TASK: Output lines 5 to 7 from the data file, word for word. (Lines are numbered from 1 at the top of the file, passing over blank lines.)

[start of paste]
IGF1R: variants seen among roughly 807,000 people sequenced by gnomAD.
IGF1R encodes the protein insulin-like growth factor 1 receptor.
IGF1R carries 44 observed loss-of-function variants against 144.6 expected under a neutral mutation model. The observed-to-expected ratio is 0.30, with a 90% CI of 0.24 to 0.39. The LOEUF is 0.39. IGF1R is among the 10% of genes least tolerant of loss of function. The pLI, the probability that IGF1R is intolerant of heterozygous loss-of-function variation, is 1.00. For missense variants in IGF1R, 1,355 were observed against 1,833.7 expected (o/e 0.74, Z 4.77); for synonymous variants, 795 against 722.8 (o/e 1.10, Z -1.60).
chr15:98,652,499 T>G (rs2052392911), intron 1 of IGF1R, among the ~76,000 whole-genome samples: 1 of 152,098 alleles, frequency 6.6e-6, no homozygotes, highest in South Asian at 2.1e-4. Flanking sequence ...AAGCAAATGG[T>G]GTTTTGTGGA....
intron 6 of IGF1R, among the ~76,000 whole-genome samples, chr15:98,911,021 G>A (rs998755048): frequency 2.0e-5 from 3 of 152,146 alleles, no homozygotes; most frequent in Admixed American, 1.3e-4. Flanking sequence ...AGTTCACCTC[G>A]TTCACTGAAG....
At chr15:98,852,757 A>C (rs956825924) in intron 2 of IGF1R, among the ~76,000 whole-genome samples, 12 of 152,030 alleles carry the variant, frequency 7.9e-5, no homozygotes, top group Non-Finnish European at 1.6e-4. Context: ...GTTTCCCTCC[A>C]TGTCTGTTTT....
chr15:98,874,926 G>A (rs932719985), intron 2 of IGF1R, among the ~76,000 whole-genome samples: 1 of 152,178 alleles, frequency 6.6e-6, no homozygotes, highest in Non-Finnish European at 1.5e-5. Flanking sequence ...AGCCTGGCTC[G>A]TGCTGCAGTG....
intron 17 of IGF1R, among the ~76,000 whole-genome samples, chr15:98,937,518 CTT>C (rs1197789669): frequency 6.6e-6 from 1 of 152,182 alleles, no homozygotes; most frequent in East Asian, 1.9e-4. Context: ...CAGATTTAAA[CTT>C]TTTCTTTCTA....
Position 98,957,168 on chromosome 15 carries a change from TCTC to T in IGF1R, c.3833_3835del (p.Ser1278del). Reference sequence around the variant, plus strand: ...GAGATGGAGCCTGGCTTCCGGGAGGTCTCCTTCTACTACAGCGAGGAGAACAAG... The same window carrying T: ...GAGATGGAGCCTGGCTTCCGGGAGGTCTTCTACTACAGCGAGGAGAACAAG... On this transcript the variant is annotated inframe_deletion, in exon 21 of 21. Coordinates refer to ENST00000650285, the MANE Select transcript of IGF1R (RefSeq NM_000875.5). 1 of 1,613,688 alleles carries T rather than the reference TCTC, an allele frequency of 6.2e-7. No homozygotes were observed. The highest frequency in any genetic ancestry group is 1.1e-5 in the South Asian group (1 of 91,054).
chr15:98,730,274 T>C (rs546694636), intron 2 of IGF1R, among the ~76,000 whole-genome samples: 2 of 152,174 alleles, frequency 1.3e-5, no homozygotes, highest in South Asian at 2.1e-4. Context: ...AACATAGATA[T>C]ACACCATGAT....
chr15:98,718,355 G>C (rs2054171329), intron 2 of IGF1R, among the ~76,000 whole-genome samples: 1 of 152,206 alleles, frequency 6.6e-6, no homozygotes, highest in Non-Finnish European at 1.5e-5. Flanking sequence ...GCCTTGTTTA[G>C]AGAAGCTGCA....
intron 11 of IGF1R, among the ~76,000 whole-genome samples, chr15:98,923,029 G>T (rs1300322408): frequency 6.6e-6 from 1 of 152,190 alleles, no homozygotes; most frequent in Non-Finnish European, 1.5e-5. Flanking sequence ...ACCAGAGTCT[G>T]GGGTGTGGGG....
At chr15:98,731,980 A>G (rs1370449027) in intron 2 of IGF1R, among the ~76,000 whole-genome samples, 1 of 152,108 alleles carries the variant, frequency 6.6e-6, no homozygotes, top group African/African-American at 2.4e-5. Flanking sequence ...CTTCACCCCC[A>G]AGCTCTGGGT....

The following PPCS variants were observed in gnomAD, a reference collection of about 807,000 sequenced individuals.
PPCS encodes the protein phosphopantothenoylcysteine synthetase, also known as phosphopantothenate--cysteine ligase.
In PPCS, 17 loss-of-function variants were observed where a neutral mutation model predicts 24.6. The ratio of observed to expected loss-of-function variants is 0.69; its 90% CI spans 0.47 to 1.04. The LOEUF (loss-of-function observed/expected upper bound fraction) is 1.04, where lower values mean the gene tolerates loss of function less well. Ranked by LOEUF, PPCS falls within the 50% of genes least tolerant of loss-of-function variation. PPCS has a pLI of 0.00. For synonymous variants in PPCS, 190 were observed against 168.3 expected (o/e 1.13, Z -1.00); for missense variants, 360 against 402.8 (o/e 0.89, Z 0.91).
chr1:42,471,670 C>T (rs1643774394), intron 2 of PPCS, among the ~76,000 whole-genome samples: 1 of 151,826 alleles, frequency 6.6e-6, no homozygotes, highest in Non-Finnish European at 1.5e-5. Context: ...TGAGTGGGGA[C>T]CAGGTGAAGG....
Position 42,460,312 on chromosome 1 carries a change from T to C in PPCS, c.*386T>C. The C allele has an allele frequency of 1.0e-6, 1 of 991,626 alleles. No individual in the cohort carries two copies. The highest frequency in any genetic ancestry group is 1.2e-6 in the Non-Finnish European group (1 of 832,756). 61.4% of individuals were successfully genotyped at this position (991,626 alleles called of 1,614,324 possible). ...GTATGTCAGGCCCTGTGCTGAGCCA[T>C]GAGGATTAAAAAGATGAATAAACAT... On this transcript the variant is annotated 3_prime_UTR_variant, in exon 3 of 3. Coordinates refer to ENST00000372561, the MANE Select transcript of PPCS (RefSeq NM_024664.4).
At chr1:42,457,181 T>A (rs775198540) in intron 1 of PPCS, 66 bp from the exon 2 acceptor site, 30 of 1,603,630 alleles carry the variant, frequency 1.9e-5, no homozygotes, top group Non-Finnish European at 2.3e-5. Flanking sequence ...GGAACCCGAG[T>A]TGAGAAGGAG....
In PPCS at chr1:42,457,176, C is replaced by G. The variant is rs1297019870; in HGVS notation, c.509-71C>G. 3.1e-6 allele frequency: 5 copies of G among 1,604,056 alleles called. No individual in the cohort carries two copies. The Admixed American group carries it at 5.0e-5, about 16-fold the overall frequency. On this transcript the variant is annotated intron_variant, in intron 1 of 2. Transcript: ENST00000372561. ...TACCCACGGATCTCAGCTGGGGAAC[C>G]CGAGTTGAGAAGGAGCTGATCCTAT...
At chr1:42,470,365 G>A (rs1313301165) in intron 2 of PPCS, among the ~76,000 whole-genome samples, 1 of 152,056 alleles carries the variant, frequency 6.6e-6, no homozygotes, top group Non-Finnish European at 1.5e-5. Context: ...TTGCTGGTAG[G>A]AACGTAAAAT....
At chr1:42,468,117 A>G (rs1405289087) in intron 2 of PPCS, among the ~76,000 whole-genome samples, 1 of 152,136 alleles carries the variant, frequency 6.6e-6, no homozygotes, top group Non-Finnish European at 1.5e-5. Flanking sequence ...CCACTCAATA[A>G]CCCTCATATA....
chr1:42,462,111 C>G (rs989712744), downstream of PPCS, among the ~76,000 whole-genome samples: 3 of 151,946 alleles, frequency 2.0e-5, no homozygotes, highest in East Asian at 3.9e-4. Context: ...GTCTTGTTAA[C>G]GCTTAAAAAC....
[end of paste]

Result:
intron 6 of IGF1R, among the ~76,000 whole-genome samples, chr15:98,911,021 G>A (rs998755048): frequency 2.0e-5 from 3 of 152,146 alleles, no homozygotes; most frequent in Admixed American, 1.3e-4. Flanking sequence ...AGTTCACCTC[G>A]TTCACTGAAG....
At chr15:98,852,757 A>C (rs956825924) in intron 2 of IGF1R, among the ~76,000 whole-genome samples, 12 of 152,030 alleles carry the variant, frequency 7.9e-5, no homozygotes, top group Non-Finnish European at 1.6e-4. Context: ...GTTTCCCTCC[A>C]TGTCTGTTTT....
chr15:98,874,926 G>A (rs932719985), intron 2 of IGF1R, among the ~76,000 whole-genome samples: 1 of 152,178 alleles, frequency 6.6e-6, no homozygotes, highest in Non-Finnish European at 1.5e-5. Flanking sequence ...AGCCTGGCTC[G>A]TGCTGCAGTG....